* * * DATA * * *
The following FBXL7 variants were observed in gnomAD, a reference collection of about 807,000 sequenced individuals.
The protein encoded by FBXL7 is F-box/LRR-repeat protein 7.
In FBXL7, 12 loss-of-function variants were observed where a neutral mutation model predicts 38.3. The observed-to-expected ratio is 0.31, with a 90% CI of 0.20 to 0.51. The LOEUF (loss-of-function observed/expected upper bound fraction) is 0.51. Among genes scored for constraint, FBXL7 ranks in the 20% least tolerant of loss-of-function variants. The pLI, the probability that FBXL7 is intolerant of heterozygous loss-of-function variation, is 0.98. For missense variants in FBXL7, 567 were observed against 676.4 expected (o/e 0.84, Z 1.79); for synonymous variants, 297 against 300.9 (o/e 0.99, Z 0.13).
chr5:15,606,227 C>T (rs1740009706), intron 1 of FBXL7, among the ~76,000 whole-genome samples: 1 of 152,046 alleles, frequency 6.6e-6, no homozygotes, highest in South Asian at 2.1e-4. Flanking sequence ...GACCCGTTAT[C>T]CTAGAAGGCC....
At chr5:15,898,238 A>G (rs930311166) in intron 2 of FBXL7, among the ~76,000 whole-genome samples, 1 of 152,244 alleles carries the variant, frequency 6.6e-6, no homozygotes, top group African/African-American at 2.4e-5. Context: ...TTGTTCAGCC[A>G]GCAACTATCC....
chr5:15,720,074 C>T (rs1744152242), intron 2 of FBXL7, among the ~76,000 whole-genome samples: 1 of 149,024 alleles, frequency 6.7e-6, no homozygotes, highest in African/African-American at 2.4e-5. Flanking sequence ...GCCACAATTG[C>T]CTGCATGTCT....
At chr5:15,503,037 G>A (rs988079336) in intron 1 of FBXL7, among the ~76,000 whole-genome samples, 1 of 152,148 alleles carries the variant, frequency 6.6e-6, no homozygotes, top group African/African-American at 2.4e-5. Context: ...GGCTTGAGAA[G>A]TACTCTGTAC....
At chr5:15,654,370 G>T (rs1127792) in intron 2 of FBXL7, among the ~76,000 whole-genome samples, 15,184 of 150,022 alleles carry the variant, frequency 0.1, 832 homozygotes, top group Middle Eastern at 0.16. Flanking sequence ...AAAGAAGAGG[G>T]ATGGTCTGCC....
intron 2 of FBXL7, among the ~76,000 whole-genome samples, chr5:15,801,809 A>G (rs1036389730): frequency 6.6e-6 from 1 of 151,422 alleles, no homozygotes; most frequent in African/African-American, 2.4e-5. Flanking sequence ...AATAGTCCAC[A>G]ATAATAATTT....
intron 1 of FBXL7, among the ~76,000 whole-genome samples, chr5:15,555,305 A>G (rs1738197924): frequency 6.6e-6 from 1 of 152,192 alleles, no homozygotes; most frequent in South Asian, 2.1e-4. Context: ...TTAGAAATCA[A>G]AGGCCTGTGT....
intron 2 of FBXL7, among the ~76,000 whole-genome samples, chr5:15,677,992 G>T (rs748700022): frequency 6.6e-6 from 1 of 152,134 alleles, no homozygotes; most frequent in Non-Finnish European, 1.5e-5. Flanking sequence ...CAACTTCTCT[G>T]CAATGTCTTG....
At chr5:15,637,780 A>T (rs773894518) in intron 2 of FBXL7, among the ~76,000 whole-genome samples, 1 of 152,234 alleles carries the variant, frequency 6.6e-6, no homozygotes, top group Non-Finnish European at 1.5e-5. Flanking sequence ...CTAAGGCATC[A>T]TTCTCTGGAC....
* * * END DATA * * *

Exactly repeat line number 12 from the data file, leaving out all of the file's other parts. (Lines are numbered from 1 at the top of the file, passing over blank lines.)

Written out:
At chr5:15,637,780 A>T (rs773894518) in intron 2 of FBXL7, among the ~76,000 whole-genome samples, 1 of 152,234 alleles carries the variant, frequency 6.6e-6, no homozygotes, top group Non-Finnish European at 1.5e-5. Flanking sequence ...CTAAGGCATC[A>T]TTCTCTGGAC....